Anyway, there is something that is still available at Farmer Tom's in abundance right now: Cauliflower.  I have never really paid much heed to cauliflower before, but now I am having a true love affair with it.  So, I braved the sleet and went to Farmer Tom's and picked up two more heads of cauliflower.   The funny thing is that I haven't even done anything exciting with it, I've only steamed it.  I steamed an entire head of it in my veggie steamer on Friday because we had dinner guests.  However, for the rest of the week, I just cut up the head into florets and put it in a bag.  Then, whenever I want a snack or a side vegetable, I take some out, put it in some Press-n-Seal wrap and steam it in the microwave.  If you hate cauliflower, I suggest you try it fresh and local, it tastes so much sweeter than when it's been sitting on the shelf at the store.  If you still don't love it, try adding a touch of butter.  This is what I've been doing for my husband (and sometimes me) and he's finished a small serving of cauliflower at least four times in the past 10 days.
    So, here's a goal for today before you get the LLF Blues:  Try local cauliflower!

P.S.  I've learned something else absolutely wonderful about eating locally:  produce lasts so much longer at home because it hasn't spent any time on the shelf at the store.  That's what I call a bonus! 

A Sweet Goodbye to Apples

Well, it's no secret that I'm better at cooking than at baking.  Not that I can't bake, it's just that I don't get the same satisfaction out of it and so I don't get inspired to try it as often.  I love savory, flavorful foods, while most baking is just one taste: sugar.  However, I couldn't grow up with a father who worked for a time as french pastry chef and have "Becky Crocker" live with me for 3 months without baking every now and then.  So, when I do bake, I usually go for flavorful renditions:  Pumpkin Currant Cookies, Apple or Pear Crumble, etc. 

   A couple of weeks earlier, one of my students brought me a bag of apples she had picked at a local orchard.  Wow - what a fabulous gift!  (Now you all know how to get on my good side!)  I needed to use them up, but we still had plenty of applesauce, so I decided to go for a seasonal, flavorful dish that would satisfy my rare urge to bake.  I decided on Cranberry and Apple Pandowdy (recipe at  It was so yummy.  The pastry was not easy, but it was so flaky and delicious that I know it would make my Daddy proud.  We did end up adding a little honey on top to serve because of the tartness, but it was definitely a fabulous dessert (not bad for breakfast either!).   

Halloween Review

Well, Halloween has come and gone and my house has returned to a state of normal.  No more haunted stairwells or skeleton candles.  This year for Halloween, I granted my husband a special Halloween wish:  the return of the orange jack-o-lanterns.  I made this treat for the first time when we had only been married for a month.  I can't claim that I came up with the idea (totally Martha Stewart) or that it's local.  In fact, I have never so guilty as I did when I picked up the oranges from South Africa!  I don't even want to think about the gas it took to ship them here in such perfect condition.  Anyway, I was able to make them 50% local.  Once I hollowed out the oranges, I filled them with local orange sherbet.  In fact, the previous evening, we had some friends over and were eating ice cream and sherbet.  My friends said it was some of the best ice cream they had had and asked me where I got it.  I proudly said, "It's all local!"  I was also pleased to be able to tell them that it was less expensive than any other ice cream in the store.  Next time you buy ice cream in Ohio, I highly recommend Heinen's, Pierre's, or Toft's.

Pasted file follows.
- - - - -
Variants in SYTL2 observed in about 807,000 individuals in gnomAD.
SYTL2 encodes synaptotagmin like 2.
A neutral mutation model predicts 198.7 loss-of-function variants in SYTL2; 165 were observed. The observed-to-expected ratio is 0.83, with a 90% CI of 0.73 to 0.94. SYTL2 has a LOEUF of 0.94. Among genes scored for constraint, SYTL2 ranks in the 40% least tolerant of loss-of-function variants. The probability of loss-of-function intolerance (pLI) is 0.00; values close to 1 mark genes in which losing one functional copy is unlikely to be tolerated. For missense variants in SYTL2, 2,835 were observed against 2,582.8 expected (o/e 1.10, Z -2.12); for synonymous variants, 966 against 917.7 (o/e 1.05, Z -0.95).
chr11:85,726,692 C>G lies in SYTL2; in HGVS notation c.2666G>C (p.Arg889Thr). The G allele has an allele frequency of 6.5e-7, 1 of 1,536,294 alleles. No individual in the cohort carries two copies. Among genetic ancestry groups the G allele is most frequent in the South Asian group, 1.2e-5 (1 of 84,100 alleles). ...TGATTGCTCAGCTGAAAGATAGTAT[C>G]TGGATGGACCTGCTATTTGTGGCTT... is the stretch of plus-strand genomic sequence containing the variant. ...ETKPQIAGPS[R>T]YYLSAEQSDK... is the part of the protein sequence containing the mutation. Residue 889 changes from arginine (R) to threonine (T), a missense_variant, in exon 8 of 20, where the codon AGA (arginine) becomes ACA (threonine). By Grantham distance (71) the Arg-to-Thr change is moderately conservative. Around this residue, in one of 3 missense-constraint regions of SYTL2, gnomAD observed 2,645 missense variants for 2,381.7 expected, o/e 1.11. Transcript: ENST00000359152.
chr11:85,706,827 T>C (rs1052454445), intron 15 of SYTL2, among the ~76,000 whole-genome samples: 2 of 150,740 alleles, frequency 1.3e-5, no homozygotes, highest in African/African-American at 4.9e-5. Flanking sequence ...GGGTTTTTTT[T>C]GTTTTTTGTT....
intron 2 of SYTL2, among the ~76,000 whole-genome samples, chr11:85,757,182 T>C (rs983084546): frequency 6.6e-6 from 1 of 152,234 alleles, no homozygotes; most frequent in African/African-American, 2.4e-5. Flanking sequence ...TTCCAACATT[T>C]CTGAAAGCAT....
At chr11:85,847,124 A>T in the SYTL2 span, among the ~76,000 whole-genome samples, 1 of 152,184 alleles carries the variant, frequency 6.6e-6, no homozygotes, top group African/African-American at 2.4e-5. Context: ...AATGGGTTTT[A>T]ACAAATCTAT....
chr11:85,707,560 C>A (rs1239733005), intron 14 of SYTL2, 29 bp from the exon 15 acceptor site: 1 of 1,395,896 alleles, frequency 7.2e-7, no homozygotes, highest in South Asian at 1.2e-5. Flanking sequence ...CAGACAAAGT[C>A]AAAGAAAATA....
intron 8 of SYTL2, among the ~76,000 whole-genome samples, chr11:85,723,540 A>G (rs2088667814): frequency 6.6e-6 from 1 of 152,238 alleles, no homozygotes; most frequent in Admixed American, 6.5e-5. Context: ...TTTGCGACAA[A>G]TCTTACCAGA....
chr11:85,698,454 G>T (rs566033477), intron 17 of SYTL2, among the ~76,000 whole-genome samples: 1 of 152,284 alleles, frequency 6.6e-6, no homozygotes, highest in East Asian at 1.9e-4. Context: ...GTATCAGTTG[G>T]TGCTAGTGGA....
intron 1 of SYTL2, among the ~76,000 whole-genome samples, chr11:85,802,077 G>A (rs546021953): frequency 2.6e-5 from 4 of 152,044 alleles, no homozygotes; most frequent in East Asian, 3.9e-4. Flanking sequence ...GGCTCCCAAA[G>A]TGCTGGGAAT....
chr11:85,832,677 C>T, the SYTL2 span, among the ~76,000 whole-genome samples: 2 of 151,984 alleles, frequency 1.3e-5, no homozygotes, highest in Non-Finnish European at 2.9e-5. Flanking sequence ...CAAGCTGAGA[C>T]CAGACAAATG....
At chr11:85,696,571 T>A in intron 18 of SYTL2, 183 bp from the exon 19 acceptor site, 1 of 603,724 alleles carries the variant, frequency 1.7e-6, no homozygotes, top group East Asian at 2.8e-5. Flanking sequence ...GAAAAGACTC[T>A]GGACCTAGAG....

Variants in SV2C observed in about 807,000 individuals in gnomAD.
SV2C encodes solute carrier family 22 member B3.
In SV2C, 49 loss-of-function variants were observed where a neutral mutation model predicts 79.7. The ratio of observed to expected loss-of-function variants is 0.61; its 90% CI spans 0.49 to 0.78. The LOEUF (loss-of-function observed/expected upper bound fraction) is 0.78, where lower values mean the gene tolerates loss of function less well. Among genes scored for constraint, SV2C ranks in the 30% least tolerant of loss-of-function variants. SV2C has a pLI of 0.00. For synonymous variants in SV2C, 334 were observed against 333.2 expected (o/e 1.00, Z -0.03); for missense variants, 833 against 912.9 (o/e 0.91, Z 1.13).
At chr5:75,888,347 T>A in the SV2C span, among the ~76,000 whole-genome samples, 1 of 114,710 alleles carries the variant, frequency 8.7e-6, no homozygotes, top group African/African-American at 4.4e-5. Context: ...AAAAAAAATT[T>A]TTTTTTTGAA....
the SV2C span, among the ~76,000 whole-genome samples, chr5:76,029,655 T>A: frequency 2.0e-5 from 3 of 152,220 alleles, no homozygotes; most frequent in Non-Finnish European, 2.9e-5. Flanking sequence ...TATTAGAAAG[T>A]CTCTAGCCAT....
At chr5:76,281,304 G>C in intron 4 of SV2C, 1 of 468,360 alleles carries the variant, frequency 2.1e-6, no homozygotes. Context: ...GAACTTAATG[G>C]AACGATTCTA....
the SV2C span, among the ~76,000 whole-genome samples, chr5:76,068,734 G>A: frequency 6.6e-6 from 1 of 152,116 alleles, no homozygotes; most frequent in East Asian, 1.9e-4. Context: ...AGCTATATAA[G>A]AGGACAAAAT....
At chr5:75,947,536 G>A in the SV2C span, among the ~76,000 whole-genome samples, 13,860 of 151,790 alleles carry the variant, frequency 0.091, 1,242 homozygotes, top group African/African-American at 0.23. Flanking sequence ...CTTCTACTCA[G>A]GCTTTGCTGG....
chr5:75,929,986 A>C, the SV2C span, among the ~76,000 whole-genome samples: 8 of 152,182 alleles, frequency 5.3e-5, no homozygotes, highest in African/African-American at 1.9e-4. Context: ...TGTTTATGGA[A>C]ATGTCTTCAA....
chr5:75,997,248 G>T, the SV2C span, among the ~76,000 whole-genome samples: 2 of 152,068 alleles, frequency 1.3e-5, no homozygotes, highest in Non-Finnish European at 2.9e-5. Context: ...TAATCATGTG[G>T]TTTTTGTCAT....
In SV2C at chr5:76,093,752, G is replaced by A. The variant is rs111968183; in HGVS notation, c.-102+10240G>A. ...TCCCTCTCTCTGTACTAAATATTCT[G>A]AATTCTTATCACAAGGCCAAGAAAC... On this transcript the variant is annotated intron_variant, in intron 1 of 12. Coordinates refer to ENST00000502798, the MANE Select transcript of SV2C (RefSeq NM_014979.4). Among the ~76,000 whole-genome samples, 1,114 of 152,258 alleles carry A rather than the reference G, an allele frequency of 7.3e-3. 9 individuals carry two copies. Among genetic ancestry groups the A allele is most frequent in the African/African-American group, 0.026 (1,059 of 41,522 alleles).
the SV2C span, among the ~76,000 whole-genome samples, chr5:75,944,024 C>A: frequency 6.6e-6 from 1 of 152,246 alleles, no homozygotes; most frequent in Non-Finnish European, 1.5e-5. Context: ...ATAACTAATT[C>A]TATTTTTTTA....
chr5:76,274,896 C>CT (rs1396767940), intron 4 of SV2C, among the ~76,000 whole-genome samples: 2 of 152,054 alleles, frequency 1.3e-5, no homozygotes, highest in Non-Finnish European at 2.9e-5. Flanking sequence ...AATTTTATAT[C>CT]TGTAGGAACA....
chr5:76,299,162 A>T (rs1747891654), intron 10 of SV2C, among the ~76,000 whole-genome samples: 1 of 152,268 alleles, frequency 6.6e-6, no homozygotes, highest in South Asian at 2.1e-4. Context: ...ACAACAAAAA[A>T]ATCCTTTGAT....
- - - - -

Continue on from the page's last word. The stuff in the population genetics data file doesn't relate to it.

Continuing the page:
Back to the South African oranges.  Once I hollowed out the oranges, I wanted to use at least some of the insides and not let it go to waste.  You can of course make orange juice, but I decided to use some of it for roasting a chicken  (of course, Gerber's local, vegetarian fed, chicken).  Here's my recipe (tweaked a bit from a recipe on
One Roasting or Frying Chicken - whole or cut in parts
1/2 cup butter (or less), cut in small cubes
the flesh and juice of 2-3 oranges
salt and pepper to taste
2 garlic cloves, minced
1 tsp.  rosemary
 1/2 tsp.  thyme 
1/2 tsp.  marjoram

Slip cubes of butter under loosened skin of chicken.  Mix together garlic, rosemary, thyme, marjoram, salt and pepper,  and rub all over chicken.  Poor orange juice and flesh over and around chicken.  Roast at 350 degrees in a Pampered Chef Stone Covered Baker for about 20 minutes with the lid on.  Remove lid and bake another 1 hour (longer if chicken is not cut up).  *** Note*** If you are not using stone cookware, you may need to add chicken broth and melted butter to the recipe.  Keep an eye on it to make sure it doesn't dry out.